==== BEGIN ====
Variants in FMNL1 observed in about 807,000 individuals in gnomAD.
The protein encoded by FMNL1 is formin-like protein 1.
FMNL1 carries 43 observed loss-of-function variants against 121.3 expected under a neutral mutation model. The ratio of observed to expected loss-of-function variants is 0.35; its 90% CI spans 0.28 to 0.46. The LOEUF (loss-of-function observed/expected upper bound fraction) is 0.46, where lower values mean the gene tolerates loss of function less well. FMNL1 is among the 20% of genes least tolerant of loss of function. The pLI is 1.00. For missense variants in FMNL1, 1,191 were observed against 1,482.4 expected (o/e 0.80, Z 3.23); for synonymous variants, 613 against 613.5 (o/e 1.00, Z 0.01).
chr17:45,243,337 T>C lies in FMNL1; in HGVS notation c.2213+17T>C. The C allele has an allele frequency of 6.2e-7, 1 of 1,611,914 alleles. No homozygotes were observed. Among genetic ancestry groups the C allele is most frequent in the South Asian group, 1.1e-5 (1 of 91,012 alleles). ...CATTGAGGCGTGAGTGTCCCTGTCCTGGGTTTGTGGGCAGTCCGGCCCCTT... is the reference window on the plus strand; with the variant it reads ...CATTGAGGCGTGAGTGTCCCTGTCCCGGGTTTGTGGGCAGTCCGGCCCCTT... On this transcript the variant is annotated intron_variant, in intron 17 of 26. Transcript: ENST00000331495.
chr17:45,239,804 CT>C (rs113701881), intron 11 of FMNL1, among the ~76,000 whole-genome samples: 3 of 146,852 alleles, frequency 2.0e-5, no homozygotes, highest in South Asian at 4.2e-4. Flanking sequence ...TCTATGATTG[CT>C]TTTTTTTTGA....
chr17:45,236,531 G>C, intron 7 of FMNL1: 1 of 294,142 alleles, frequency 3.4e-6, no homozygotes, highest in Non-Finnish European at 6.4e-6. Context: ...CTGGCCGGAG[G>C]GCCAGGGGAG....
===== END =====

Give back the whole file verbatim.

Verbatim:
Variants in FMNL1 observed in about 807,000 individuals in gnomAD.
The protein encoded by FMNL1 is formin-like protein 1.
FMNL1 carries 43 observed loss-of-function variants against 121.3 expected under a neutral mutation model. The ratio of observed to expected loss-of-function variants is 0.35; its 90% CI spans 0.28 to 0.46. The LOEUF (loss-of-function observed/expected upper bound fraction) is 0.46, where lower values mean the gene tolerates loss of function less well. FMNL1 is among the 20% of genes least tolerant of loss of function. The pLI is 1.00. For missense variants in FMNL1, 1,191 were observed against 1,482.4 expected (o/e 0.80, Z 3.23); for synonymous variants, 613 against 613.5 (o/e 1.00, Z 0.01).
chr17:45,243,337 T>C lies in FMNL1; in HGVS notation c.2213+17T>C. The C allele has an allele frequency of 6.2e-7, 1 of 1,611,914 alleles. No homozygotes were observed. Among genetic ancestry groups the C allele is most frequent in the South Asian group, 1.1e-5 (1 of 91,012 alleles). ...CATTGAGGCGTGAGTGTCCCTGTCCTGGGTTTGTGGGCAGTCCGGCCCCTT... is the reference window on the plus strand; with the variant it reads ...CATTGAGGCGTGAGTGTCCCTGTCCCGGGTTTGTGGGCAGTCCGGCCCCTT... On this transcript the variant is annotated intron_variant, in intron 17 of 26. Transcript: ENST00000331495.
chr17:45,239,804 CT>C (rs113701881), intron 11 of FMNL1, among the ~76,000 whole-genome samples: 3 of 146,852 alleles, frequency 2.0e-5, no homozygotes, highest in South Asian at 4.2e-4. Flanking sequence ...TCTATGATTG[CT>C]TTTTTTTTGA....
chr17:45,236,531 G>C, intron 7 of FMNL1: 1 of 294,142 alleles, frequency 3.4e-6, no homozygotes, highest in Non-Finnish European at 6.4e-6. Context: ...CTGGCCGGAG[G>C]GCCAGGGGAG....